Do you know any woman who does not worry about her body size? Girls such as Marya Hornbacher - both anorexic and bulimic - enact all our worries. Life, death and the whole shebang narrows down to a burning-point obsession with how many calories there are in one apple or, conversely, an all-engulfing devouring of the contents of a kitchen, followed by remorseless vomiting until the waste pipes burst.
Compulsive reading, which ought to be compulsory for anyone having to deal with the countless adolescent girls who follow similar paths, Wasted is more than a gruesome case-study but less than a beautiful narrative of redemption. For that, one ought to turn to Sheena Macleod's The Art of Starvation, which chronicles the author's own teenage despair and slow recovery. Hornbacher is more frenzied, more repetitive and less appealing. She is, as people with eating disorders are classically described, almost totally self-obsessed and unable to empathise with others.
She largely dismisses cultural influences in her account, instead reiterating her suicidal desires, her reproaches to her parents as invasive and cold and her feats of promiscuity, drug abuse and binge-eating. More than analysis or revelation, this is bragging on a large scale.
Yet Marya (get that pronunciation right: it's Mar-ya, she yells frequently at hospital staff) is infinitely pitiable. For all her bravado, she is so young - eight when the eating disorder begins, 23 when the book ends. For all her duplicity - she cheats on everyone and steadfastly claims a happy childhood while rubbishing her parents at every turn - she does not deserve the damage she has inflicted on her heart, her kidneys, her bones. For all her cleverness - an A student, she constantly moves college as her ribs stick out or the pipes once more burst - she cannot control the headlong rush of emotions of unworthiness and unloveliness. She remembers weekends spent surrounded by clever and talented friends and relations, eating carrot sticks with mustard, lunch hours spent licking one no-fat (not low-fat) frozen yogurt slowly off a spoon, or two-hour breakfasts slowly shredding one no-fat bagel.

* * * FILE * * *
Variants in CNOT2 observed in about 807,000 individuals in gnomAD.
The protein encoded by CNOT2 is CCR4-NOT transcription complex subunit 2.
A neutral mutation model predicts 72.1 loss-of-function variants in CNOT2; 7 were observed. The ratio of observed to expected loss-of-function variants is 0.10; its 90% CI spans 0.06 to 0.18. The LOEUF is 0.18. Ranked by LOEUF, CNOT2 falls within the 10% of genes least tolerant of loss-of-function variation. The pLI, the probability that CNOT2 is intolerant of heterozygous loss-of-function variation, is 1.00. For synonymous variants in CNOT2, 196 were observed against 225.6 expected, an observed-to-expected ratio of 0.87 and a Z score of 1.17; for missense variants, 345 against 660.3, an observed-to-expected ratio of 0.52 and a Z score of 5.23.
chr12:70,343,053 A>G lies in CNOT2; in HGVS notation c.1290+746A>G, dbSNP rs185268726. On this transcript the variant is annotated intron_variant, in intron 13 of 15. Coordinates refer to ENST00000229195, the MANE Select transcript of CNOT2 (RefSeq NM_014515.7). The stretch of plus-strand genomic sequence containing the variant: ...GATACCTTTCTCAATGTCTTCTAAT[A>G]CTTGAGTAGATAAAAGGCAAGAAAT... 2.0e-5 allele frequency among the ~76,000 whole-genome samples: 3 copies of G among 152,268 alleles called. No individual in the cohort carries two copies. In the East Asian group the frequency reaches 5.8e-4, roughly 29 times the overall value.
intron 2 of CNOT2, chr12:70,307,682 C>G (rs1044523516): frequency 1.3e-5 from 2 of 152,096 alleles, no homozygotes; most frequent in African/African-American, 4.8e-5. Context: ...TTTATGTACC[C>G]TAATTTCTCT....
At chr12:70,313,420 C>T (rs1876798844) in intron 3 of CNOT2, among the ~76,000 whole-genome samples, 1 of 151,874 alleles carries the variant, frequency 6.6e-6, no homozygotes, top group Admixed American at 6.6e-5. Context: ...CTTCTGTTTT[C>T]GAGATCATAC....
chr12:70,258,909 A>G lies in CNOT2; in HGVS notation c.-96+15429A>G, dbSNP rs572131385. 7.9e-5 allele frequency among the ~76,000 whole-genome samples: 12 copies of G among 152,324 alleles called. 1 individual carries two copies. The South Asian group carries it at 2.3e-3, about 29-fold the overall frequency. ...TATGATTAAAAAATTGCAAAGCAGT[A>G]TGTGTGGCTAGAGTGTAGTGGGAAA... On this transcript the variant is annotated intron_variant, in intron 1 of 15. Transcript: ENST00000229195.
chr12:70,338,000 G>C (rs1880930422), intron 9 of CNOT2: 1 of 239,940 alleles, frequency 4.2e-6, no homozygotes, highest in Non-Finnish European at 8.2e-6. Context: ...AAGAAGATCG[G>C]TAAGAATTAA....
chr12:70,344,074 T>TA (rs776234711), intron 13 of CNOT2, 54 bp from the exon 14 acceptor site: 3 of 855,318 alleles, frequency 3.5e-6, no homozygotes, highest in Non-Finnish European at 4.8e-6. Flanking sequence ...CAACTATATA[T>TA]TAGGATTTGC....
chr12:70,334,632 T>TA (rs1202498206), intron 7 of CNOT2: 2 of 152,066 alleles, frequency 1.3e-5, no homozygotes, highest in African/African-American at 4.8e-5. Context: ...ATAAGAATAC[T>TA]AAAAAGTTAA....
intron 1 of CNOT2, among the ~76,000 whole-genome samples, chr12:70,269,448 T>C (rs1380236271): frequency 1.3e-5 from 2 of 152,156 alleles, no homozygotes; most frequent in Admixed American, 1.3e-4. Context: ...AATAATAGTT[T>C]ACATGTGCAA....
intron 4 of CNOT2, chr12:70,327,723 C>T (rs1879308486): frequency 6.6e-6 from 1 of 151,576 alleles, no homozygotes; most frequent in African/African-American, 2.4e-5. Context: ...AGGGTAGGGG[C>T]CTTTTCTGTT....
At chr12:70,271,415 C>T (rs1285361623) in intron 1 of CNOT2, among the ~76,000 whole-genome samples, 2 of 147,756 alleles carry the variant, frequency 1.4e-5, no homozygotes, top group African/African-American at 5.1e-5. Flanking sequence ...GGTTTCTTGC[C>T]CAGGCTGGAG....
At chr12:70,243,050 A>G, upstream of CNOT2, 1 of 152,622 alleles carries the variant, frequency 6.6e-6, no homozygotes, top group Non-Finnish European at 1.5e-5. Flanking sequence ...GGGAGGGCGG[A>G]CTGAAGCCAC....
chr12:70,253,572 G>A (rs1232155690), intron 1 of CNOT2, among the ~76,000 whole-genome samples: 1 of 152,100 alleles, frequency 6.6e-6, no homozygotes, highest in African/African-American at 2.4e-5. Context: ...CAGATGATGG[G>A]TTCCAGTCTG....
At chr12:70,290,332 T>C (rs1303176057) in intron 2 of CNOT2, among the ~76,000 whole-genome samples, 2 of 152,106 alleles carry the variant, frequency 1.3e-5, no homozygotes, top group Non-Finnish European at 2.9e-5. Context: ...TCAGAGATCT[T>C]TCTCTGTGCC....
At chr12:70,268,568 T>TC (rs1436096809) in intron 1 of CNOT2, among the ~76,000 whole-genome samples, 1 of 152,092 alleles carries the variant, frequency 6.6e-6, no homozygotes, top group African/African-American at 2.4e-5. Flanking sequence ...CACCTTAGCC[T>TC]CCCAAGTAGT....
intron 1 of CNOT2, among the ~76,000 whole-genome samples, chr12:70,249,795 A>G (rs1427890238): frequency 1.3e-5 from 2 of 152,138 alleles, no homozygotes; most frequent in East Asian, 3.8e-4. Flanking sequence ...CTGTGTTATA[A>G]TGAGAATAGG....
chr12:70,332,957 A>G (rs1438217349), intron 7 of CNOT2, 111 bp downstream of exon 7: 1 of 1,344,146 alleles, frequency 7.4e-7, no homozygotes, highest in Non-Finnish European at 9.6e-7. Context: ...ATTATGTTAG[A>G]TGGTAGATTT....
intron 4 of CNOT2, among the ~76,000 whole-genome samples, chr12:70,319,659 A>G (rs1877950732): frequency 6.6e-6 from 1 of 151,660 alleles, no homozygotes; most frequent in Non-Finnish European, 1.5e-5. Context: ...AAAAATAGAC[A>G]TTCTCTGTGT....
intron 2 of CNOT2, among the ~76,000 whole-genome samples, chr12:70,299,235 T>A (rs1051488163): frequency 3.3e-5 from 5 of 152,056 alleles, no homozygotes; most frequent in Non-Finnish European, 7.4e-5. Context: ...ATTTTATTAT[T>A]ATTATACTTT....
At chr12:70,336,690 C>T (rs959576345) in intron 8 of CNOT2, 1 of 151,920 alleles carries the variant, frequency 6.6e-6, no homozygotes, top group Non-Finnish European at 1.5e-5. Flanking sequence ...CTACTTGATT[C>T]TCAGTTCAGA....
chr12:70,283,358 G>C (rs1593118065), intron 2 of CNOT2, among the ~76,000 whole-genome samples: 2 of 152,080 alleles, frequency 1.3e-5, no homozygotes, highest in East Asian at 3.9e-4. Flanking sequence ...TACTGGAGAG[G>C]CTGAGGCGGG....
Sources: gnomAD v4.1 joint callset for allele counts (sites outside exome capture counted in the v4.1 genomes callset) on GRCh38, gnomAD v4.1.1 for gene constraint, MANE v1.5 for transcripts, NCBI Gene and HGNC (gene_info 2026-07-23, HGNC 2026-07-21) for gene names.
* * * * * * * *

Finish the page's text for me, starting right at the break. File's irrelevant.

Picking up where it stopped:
As one of Maurice Sendak's heroines remarks, there must be more to life! More than coming home lonely from school and eating everything in the house -frozen pizzas, boxes of crackers and cereal, tins of soup, pounds of butter, eggs, ice-cream, noodles - bar one jar of lime marmalade. Then scarfing it up.
Bulimics lead boring lives. Is fitting into a bathing suit compensation for hours spent fingers down the throat until the oesophagus bursts, front teeth stained with acid, an unstable electrolyte balance and a shorter life span? We all know the answer. In our culture, fitting into a bathing suit is worth anything. Which is why, until hell freezes over and the makers of diet foods cease to be the same people who make tempting high-calorie snacks, books like Fat and Proud by Charlotte Cooper (Women's Press pound;8.99) are busting a gut in vain. Can the Fat Rights movement take on an industry which has brought us both no-fat mini-muffins and supermodels? Think of Marya Hornbacher: head down the bog throwing up Hershey's Kisses while downstairs her teenage friends eat takeaway pizza and mothers hover anxiously wondering if their darlings are having a good time.
Is there more to life?